I love this graph - seeing the Fed effect (which is valid obviously and is a real effect, suspect or not) and the ex-Fed level is illuminating. I'd love to see an overlay with S&P, or GDP, and the time series extended to the beginning of the extraordinary Fed actions (2008?). That may be a bit cluttered and I may not even like what I'm asking for but it seems interesting.And I know, readers always askin' for more stuff. But it's just because these economic pictures are so darn good looking, always want more ;-). Happy Friday
Mike's right, these are good pictures. Don't know how you manage to dig them up, but they are good. Clearly, the economy may have stalled out. QE3??
@agriculture investments - re: "clearly the economy has stalled out" - on the contrary! The only thing this shows is that clearly the Fed has an enormous influence. I mean, ex-Fed the economy has stalled out, but the Fed is our reality, and so long as with the fed the LEI are positive, that's growth. With inflation low (economic repression from the Fed) it isn't a hard hurdle to meet to have not only nominal growth (which the LEI shows clearly) but real growth (LEI-implied growth adjusted for inflation). We're growing, if slowly - and whether it's long-term healthy or not it's the Fed providing the juice apparently. That's what's so great about this graph as it makes that so visible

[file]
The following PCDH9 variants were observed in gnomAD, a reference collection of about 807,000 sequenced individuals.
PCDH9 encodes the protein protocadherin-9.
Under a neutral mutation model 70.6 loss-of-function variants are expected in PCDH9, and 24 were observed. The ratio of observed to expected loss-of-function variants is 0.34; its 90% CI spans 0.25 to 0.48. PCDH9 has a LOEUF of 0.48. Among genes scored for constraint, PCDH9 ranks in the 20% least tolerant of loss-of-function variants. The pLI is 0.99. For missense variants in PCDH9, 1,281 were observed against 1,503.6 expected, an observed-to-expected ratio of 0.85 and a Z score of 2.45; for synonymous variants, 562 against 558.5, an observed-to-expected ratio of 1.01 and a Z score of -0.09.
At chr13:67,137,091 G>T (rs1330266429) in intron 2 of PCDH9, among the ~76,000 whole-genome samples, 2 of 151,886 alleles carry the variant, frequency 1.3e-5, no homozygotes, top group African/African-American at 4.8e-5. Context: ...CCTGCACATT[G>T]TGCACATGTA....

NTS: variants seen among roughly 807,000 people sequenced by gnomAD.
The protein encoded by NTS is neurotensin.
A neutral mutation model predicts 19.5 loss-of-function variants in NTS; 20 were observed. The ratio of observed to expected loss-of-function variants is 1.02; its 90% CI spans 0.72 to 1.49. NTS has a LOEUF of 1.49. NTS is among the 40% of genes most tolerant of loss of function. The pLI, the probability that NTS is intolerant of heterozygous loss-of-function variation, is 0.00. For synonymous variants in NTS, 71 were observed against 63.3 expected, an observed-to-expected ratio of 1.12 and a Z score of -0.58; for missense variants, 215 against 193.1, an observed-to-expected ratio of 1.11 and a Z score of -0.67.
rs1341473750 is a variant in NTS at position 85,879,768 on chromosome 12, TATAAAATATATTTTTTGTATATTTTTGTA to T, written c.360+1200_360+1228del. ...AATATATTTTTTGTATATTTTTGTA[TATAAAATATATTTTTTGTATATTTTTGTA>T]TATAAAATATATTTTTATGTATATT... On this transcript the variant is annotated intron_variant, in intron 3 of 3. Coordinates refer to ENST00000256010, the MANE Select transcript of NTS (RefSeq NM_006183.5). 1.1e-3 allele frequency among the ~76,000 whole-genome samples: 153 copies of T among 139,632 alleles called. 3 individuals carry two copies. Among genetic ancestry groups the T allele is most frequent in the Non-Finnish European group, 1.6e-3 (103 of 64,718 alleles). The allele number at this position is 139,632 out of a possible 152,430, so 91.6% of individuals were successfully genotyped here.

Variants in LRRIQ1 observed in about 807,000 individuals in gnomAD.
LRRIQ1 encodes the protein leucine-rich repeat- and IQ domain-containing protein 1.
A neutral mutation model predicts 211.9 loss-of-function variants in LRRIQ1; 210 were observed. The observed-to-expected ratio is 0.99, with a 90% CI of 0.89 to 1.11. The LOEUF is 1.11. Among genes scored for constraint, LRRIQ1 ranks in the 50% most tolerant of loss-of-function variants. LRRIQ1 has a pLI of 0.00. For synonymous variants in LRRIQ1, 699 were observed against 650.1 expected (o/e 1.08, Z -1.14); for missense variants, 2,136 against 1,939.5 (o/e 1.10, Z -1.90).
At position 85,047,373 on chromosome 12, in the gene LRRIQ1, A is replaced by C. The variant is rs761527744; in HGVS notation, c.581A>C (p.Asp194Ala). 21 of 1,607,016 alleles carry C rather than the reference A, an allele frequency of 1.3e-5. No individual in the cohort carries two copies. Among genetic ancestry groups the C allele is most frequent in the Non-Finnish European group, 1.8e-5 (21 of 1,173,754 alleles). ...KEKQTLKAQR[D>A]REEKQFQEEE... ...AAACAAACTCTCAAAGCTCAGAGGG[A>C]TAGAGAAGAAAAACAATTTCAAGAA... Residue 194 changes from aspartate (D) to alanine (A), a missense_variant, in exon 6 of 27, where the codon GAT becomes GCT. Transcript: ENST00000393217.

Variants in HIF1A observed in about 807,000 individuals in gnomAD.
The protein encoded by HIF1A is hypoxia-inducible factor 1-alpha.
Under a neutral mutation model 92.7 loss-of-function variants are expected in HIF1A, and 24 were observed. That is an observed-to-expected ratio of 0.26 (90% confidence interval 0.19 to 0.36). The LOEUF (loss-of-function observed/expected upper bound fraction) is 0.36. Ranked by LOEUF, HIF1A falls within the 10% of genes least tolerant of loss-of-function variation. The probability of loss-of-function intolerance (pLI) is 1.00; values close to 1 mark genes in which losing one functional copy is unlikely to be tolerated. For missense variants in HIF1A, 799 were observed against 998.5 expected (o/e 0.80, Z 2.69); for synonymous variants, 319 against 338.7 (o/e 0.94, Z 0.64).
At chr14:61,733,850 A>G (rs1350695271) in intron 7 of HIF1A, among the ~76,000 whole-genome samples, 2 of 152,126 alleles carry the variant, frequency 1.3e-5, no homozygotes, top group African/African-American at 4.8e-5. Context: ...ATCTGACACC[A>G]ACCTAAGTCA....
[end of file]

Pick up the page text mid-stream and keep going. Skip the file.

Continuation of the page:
Mike- thanks for the complement.The S&P levels can be proxied by the green bar (stock prices). GDP is a tougher situation as it is only reported quarterly and really hasn't reflected LEI well at all... 1.8% growth in Q3 after a lower 0.4% in Q2.Finally... a longer time series becomes (almost) impossible because the LEI is now made up of different components (the change was made in January). Details here: http://tinyurl.com/6oy5rxl
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